The announcement of the launch of the FTC’s Office of Technology is an important next-step development in the agency’s commitment to protecting consumers in the digital marketplace. As we look forward to the challenges the Office of Technology will take on, it’s an opportune time to look back at the ground-breaking work of the Bureau of Consumer Protection’s Office of Technology Research and Investigation (OTECH), which will bring its experience and expertise to the newly-formed Office of Technology.
Established in 2012 as BCP’s Mobile Technology Unit, OTECH has proven essential to BCP’s mission through its work in research, innovation, and litigation support. To ensure that our approach has been grounded in evidence-based research, OTECH led the way with first-of-its-kind studies on topics like kids’ apps, consumer-generated health data, mobile device tracking, and alternative credit scoring products. OTECH also built bridges to the academic community – initiatives that encouraged researchers to put people first in considering the impact that technological developments have on consumers.
OTECH taught us that the most innovative consumer protection policies aren’t formulated in isolation. Bringing together experienced litigators, savvy technologists, and thoughtful economists, OTECH conducted novel studies, some of which confirmed – and some of which disproved – popular assumptions about protecting consumers in the digital marketplace. For example, OTECH designed and conducted cost-effective research into social media algorithms, voice cloning, email authentication, and ransomware.
OTECH’s research into how fraudsters use breached credit card numbers and other personal information merits a special mention. In one study, OTECH intentionally leaked authentic-looking data onto a “paste site.” How long did it take fraudsters to use what they thought was stolen information? Nine minutes. In another study, OTECH identified 50 websites that had a particular web skimming security vulnerability in their shopping cart plugin. After OTECH attempted to make controlled purchases that were rejected, their “consumer data” was used by fraudsters many months after the unsuccessful purchase, suggesting that the actual injury from data breaches may be far greater than experts initially believed.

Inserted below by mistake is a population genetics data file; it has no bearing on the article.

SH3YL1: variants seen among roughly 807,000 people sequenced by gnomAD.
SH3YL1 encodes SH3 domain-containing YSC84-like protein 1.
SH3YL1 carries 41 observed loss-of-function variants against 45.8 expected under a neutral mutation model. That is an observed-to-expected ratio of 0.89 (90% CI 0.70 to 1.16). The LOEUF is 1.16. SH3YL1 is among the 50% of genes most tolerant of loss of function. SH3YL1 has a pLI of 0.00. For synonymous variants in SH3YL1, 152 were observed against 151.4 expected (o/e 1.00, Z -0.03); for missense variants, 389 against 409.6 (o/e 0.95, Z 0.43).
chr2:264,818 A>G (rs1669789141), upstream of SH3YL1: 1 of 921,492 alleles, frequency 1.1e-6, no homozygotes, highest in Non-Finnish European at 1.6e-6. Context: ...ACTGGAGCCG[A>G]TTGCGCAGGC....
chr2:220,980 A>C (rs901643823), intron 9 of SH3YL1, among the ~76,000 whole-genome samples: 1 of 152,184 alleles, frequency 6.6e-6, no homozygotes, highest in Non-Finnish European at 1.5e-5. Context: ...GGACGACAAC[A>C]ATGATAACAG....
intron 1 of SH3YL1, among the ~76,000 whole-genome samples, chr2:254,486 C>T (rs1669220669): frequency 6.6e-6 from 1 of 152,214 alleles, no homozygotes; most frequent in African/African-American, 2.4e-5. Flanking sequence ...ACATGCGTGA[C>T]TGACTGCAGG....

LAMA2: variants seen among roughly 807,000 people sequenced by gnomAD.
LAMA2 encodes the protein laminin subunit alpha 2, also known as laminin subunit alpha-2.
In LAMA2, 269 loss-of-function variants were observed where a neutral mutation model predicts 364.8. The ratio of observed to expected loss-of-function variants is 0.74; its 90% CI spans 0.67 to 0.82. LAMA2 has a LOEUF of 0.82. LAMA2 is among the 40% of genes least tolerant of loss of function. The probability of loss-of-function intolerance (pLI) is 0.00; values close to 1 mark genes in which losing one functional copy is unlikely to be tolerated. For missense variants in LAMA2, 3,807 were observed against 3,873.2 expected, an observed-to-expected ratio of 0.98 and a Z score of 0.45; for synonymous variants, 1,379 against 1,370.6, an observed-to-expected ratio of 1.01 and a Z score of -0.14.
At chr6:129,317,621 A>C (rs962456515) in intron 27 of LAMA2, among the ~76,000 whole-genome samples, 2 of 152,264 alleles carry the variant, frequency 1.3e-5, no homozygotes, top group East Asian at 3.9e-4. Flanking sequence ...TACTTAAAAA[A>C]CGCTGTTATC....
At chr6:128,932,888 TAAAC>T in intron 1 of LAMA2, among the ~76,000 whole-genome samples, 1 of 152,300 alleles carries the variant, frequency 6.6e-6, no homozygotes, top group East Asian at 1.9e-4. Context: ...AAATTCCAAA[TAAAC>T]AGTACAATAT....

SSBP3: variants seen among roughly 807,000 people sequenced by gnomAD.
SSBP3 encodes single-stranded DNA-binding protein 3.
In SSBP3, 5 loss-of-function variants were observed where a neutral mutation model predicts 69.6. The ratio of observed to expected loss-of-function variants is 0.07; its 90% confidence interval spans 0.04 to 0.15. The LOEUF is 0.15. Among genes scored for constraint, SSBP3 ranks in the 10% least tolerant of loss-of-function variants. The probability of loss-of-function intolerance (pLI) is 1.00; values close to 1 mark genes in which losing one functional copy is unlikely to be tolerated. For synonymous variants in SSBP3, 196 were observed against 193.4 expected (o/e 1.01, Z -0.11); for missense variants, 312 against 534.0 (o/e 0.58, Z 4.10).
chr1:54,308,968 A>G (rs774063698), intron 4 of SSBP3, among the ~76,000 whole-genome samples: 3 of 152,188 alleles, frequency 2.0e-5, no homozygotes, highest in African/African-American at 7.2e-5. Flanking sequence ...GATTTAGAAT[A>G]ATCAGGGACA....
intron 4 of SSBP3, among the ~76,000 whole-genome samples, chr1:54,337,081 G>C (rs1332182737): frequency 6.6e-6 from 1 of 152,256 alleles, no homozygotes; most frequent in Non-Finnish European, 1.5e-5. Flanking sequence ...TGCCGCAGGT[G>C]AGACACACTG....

Although the full story can’t be told in detail, OTECH’s confidential contribution to BCP investigations and litigation further demonstrates the essential role they’ve played in protecting consumers. Legal education may still focus on torts and trusts, but thanks to OTECH’s expertise, BCP attorneys have developed the sophisticated understanding of technology necessary to probe the facts, build cases, and challenge unfair and deceptive practices in court.
As OTECH’s many roles transition to the Commission’s Office of Technology, the agency will benefit from the successful collaboration model that OTECH pioneered. In just the past year, working collaboratively with colleagues across the FTC, OTECH was instrumental in developing the Commission’s “right to repair” strategy to expand consumer choice and encourage competition. The Bureau of Consumer Protection is proud of OTECH’s decade of service and looks forward to the new frontiers the Office of Technology will explore in service to America’s consumers.
The purpose of this blog and its comments section is to inform readers about Federal Trade Commission activity, and share information to help them avoid, report, and recover from fraud, scams, and bad business practices. Your thoughts, ideas, and concerns are welcome, and we encourage comments. But keep in mind, this is a moderated blog. We review all comments before they are posted, and we won’t post comments that don’t comply with our commenting policy. We expect commenters to treat each other and the blog writers with respect.
- We won’t post off-topic comments, repeated identical comments, or comments that include sales pitches or promotions.
- We won’t post comments that include vulgar messages, personal attacks by name, or offensive terms that target specific people or groups.
- We won’t post threats, defamatory statements, or suggestions or encouragement of illegal activity.
- We won’t post comments that include personal information, like Social Security numbers, account numbers, home addresses, and email addresses. To file a detailed report about a scam, go to ReportFraud.ftc.gov.
We don't edit comments to remove objectionable content, so please ensure that your comment contains none of the above. The comments posted on this blog become part of the public domain. To protect your privacy and the privacy of other people, please do not include personal information. Opinions in comments that appear in this blog belong to the individuals who expressed them. They do not belong to or represent views of the Federal Trade Commission.
Hello ftc.gov administrator, Excellent work!
Your “groundbreaking” whatever is. I nothing to hackers . After what has happened to me, and begging for help from every single entity I could . I am out hundreds of thousands of dollars by someone accessing an old email address of mine , pretending to be me, and stealing from my business. I have little to no faith in anything you say has been done for consumers . Victims , I have found out, have 0 agencies that do anything to get to the truth. Cyber crime is no joke, and I do hope you have figured out some way to help others be safe and protected .
Hello ftc.gov administrator, You always provide helpful information.